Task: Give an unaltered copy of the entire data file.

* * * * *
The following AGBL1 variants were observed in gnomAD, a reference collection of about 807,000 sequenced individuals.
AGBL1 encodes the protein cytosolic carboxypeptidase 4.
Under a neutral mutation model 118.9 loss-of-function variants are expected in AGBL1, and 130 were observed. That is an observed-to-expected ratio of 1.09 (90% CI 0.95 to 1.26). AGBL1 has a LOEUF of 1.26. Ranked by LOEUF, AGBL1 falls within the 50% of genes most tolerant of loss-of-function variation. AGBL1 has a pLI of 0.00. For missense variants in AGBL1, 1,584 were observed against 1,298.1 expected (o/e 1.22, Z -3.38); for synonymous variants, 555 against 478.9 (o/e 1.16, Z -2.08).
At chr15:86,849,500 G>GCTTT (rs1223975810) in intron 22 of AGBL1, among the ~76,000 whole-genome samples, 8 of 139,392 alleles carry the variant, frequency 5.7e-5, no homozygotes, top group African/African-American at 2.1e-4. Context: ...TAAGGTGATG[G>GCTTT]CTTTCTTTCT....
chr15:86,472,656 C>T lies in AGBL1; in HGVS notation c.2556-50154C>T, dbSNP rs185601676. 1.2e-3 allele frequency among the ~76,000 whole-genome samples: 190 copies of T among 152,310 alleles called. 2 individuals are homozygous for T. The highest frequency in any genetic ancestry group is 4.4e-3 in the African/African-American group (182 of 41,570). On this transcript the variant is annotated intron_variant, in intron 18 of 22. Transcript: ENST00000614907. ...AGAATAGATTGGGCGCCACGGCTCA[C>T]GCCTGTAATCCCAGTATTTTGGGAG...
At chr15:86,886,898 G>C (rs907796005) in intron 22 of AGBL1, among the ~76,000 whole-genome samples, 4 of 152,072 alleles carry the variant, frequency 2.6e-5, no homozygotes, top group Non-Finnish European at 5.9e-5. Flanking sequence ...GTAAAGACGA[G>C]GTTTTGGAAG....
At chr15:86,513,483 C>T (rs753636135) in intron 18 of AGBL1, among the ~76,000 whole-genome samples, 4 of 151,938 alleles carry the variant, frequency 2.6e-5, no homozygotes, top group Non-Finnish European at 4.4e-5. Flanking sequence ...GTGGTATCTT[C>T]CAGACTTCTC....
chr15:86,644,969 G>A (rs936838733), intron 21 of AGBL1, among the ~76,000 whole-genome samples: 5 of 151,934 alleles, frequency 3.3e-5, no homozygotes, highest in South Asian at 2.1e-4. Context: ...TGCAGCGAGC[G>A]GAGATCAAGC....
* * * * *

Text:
The following AGBL1 variants were observed in gnomAD, a reference collection of about 807,000 sequenced individuals.
AGBL1 encodes the protein cytosolic carboxypeptidase 4.
Under a neutral mutation model 118.9 loss-of-function variants are expected in AGBL1, and 130 were observed. That is an observed-to-expected ratio of 1.09 (90% CI 0.95 to 1.26). AGBL1 has a LOEUF of 1.26. Ranked by LOEUF, AGBL1 falls within the 50% of genes most tolerant of loss-of-function variation. AGBL1 has a pLI of 0.00. For missense variants in AGBL1, 1,584 were observed against 1,298.1 expected (o/e 1.22, Z -3.38); for synonymous variants, 555 against 478.9 (o/e 1.16, Z -2.08).
At chr15:86,849,500 G>GCTTT (rs1223975810) in intron 22 of AGBL1, among the ~76,000 whole-genome samples, 8 of 139,392 alleles carry the variant, frequency 5.7e-5, no homozygotes, top group African/African-American at 2.1e-4. Context: ...TAAGGTGATG[G>GCTTT]CTTTCTTTCT....
chr15:86,472,656 C>T lies in AGBL1; in HGVS notation c.2556-50154C>T, dbSNP rs185601676. 1.2e-3 allele frequency among the ~76,000 whole-genome samples: 190 copies of T among 152,310 alleles called. 2 individuals are homozygous for T. The highest frequency in any genetic ancestry group is 4.4e-3 in the African/African-American group (182 of 41,570). On this transcript the variant is annotated intron_variant, in intron 18 of 22. Transcript: ENST00000614907. ...AGAATAGATTGGGCGCCACGGCTCA[C>T]GCCTGTAATCCCAGTATTTTGGGAG...
At chr15:86,886,898 G>C (rs907796005) in intron 22 of AGBL1, among the ~76,000 whole-genome samples, 4 of 152,072 alleles carry the variant, frequency 2.6e-5, no homozygotes, top group Non-Finnish European at 5.9e-5. Flanking sequence ...GTAAAGACGA[G>C]GTTTTGGAAG....
At chr15:86,513,483 C>T (rs753636135) in intron 18 of AGBL1, among the ~76,000 whole-genome samples, 4 of 151,938 alleles carry the variant, frequency 2.6e-5, no homozygotes, top group Non-Finnish European at 4.4e-5. Flanking sequence ...GTGGTATCTT[C>T]CAGACTTCTC....
chr15:86,644,969 G>A (rs936838733), intron 21 of AGBL1, among the ~76,000 whole-genome samples: 5 of 151,934 alleles, frequency 3.3e-5, no homozygotes, highest in South Asian at 2.1e-4. Context: ...TGCAGCGAGC[G>A]GAGATCAAGC....